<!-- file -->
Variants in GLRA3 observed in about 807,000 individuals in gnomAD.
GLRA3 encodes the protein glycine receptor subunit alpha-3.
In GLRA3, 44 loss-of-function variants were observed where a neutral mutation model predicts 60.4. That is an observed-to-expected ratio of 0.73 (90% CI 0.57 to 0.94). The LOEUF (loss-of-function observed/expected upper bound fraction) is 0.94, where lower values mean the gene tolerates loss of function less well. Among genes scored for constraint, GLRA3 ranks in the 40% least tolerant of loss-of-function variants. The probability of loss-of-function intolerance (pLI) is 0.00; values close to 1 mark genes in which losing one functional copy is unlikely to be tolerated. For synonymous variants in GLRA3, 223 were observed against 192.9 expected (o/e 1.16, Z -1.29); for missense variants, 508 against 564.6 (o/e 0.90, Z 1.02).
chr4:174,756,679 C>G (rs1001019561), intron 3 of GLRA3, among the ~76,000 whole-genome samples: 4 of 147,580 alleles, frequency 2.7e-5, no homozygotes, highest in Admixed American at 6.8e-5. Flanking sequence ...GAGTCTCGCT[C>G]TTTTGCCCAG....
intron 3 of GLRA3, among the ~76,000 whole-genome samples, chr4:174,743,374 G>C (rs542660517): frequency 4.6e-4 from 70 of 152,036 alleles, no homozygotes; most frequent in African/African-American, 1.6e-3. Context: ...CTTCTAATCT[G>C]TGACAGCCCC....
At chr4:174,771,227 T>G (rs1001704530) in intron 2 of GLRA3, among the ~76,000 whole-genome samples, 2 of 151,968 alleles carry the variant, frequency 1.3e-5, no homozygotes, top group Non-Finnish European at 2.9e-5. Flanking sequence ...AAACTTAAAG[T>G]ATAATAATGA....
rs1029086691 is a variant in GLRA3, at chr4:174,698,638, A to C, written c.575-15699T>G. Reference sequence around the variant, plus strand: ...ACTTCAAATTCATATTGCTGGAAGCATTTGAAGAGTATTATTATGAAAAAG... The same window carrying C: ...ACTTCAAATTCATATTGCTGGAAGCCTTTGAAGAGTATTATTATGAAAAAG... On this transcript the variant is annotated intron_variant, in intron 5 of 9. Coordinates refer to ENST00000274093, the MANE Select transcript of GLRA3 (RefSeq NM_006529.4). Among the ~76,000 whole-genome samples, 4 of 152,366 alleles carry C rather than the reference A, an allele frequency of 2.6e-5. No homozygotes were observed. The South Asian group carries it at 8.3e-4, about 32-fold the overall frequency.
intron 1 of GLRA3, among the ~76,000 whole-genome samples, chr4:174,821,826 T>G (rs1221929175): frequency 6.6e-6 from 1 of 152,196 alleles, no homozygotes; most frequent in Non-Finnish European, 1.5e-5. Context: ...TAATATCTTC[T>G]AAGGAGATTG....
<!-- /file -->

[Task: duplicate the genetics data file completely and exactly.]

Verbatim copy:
Variants in GLRA3 observed in about 807,000 individuals in gnomAD.
GLRA3 encodes the protein glycine receptor subunit alpha-3.
In GLRA3, 44 loss-of-function variants were observed where a neutral mutation model predicts 60.4. That is an observed-to-expected ratio of 0.73 (90% CI 0.57 to 0.94). The LOEUF (loss-of-function observed/expected upper bound fraction) is 0.94, where lower values mean the gene tolerates loss of function less well. Among genes scored for constraint, GLRA3 ranks in the 40% least tolerant of loss-of-function variants. The probability of loss-of-function intolerance (pLI) is 0.00; values close to 1 mark genes in which losing one functional copy is unlikely to be tolerated. For synonymous variants in GLRA3, 223 were observed against 192.9 expected (o/e 1.16, Z -1.29); for missense variants, 508 against 564.6 (o/e 0.90, Z 1.02).
chr4:174,756,679 C>G (rs1001019561), intron 3 of GLRA3, among the ~76,000 whole-genome samples: 4 of 147,580 alleles, frequency 2.7e-5, no homozygotes, highest in Admixed American at 6.8e-5. Flanking sequence ...GAGTCTCGCT[C>G]TTTTGCCCAG....
intron 3 of GLRA3, among the ~76,000 whole-genome samples, chr4:174,743,374 G>C (rs542660517): frequency 4.6e-4 from 70 of 152,036 alleles, no homozygotes; most frequent in African/African-American, 1.6e-3. Context: ...CTTCTAATCT[G>C]TGACAGCCCC....
At chr4:174,771,227 T>G (rs1001704530) in intron 2 of GLRA3, among the ~76,000 whole-genome samples, 2 of 151,968 alleles carry the variant, frequency 1.3e-5, no homozygotes, top group Non-Finnish European at 2.9e-5. Flanking sequence ...AAACTTAAAG[T>G]ATAATAATGA....
rs1029086691 is a variant in GLRA3, at chr4:174,698,638, A to C, written c.575-15699T>G. Reference sequence around the variant, plus strand: ...ACTTCAAATTCATATTGCTGGAAGCATTTGAAGAGTATTATTATGAAAAAG... The same window carrying C: ...ACTTCAAATTCATATTGCTGGAAGCCTTTGAAGAGTATTATTATGAAAAAG... On this transcript the variant is annotated intron_variant, in intron 5 of 9. Coordinates refer to ENST00000274093, the MANE Select transcript of GLRA3 (RefSeq NM_006529.4). Among the ~76,000 whole-genome samples, 4 of 152,366 alleles carry C rather than the reference A, an allele frequency of 2.6e-5. No homozygotes were observed. The South Asian group carries it at 8.3e-4, about 32-fold the overall frequency.
intron 1 of GLRA3, among the ~76,000 whole-genome samples, chr4:174,821,826 T>G (rs1221929175): frequency 6.6e-6 from 1 of 152,196 alleles, no homozygotes; most frequent in Non-Finnish European, 1.5e-5. Context: ...TAATATCTTC[T>G]AAGGAGATTG....